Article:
Restrictive covenants, post-termination restrictions and non-compete clauses are all the same thing. They often feature, under any one of these labels, in a contract of employment and are contractual terms that are often overlooked by an employee at the commencement of employment, usually because they are keen to work with the employer, or don’t wish to jeopardise an offer of employment.
However, terms such as Restricted Customer, Restricted Client, Restricted Area, Restricted Period, Confidentiality or Restricted Business can have a serious impact upon an employee’s ability to work where they choose or with whom they choose, when leaving their current job.
The purpose of these restrictions is to restrain an employee from working with clients of their employer, working for a competitor, using their confidential information and setting up in competition with them for a limited period of time (usually six months, but it can be as much as a year or as little as three months, depending upon the contractual wording).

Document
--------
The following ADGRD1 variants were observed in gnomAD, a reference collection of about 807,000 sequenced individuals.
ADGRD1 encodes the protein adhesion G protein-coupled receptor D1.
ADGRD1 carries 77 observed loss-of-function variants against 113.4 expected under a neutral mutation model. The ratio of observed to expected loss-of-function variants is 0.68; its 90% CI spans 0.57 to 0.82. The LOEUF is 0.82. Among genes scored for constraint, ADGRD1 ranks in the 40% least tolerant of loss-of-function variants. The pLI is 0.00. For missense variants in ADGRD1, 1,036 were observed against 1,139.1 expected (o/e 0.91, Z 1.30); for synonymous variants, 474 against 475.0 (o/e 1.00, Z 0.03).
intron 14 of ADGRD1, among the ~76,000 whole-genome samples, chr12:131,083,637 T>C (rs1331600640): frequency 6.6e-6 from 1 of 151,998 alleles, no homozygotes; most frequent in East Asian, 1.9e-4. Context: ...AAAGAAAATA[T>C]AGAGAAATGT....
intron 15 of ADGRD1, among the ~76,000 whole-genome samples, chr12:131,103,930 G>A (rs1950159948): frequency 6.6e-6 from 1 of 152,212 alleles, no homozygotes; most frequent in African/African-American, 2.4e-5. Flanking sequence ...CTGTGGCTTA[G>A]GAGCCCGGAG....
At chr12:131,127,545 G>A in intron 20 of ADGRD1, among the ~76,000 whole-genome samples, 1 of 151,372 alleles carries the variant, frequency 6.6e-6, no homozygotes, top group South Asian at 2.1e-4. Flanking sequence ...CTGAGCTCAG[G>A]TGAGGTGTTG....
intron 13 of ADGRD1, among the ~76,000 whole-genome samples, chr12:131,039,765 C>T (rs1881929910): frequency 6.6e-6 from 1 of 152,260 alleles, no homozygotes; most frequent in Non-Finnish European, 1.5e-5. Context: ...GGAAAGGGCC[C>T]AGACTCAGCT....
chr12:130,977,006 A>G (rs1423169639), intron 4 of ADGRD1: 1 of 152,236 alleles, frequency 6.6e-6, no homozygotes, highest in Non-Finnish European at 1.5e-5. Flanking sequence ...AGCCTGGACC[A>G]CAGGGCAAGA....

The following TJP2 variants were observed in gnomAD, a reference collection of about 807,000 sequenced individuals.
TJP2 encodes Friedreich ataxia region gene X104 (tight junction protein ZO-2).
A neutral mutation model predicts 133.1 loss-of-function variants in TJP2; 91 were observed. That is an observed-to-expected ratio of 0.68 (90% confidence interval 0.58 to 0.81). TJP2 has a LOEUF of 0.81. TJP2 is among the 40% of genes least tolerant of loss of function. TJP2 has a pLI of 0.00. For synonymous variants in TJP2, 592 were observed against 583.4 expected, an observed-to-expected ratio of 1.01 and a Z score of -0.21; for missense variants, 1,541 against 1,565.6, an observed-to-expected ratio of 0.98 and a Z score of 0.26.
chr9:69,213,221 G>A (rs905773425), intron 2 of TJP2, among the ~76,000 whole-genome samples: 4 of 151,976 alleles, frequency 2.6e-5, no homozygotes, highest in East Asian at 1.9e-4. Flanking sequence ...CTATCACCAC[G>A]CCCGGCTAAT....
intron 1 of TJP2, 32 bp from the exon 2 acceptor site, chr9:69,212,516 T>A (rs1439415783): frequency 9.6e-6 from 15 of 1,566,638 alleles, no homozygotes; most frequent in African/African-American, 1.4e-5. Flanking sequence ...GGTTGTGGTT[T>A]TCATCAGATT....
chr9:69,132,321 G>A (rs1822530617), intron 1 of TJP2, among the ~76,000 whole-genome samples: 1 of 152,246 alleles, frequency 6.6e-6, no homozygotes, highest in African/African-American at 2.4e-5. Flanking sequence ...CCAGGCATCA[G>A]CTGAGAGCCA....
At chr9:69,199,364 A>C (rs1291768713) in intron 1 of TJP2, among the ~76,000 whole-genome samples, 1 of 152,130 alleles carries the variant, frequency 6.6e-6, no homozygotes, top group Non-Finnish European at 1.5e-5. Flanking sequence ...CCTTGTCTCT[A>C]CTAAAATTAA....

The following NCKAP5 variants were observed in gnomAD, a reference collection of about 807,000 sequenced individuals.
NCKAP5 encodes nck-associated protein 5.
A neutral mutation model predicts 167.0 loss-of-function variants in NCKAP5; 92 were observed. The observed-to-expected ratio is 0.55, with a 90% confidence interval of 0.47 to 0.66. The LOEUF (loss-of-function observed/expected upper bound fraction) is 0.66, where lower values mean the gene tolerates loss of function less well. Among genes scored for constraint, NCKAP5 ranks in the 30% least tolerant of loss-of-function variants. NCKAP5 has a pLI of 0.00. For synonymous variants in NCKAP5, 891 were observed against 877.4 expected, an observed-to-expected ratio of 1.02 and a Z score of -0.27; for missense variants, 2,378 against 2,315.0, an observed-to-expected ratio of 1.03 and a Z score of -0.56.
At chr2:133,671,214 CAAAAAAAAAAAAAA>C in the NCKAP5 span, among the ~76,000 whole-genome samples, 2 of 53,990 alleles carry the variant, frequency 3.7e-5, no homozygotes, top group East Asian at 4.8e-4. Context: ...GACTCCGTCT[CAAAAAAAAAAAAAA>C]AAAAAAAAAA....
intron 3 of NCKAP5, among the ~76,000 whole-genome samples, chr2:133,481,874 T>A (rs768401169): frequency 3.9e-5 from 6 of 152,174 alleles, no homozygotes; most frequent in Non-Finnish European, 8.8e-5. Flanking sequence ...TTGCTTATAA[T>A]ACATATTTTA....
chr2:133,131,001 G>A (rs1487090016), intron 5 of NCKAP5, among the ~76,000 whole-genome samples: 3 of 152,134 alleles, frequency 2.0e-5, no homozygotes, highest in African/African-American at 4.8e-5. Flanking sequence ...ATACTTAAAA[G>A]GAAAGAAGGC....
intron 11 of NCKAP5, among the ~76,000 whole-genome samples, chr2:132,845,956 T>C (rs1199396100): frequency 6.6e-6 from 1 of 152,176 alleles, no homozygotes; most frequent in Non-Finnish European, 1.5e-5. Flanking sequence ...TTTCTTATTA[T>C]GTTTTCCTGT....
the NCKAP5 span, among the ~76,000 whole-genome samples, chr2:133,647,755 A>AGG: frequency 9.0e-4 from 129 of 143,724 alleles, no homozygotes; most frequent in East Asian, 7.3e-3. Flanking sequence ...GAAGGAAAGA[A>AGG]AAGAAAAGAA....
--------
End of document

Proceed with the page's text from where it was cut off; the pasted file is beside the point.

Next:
Before accepting a new job offer or setting up your own business it is vital to obtain advice on the effect and enforceability of post-termination restrictions. We can often navigate a path between restrictions which are enforceable and those that are not which produces a realistic outcome for the employee.
Failure to take early advice is often a costly mistake leading to the loss of a job offer, the closure of a fledgling business and considerable personal expense if the matter goes to court. Furthermore, taking early legal advice can often allow the employee to take steps to mitigate or reduce risk when they take the plunge and issue their notice of resignation.
As well as employment contracts, restrictive covenants can often feature in settlement agreements, whereby your employer will ask you to reaffirm the restrictions which already apply to you (or they may even try to insert new ones at this late stage in the employment relationship). Restrictive covenants tend to relate to ‘poaching’ and prevent you from taking the following with you when you leave: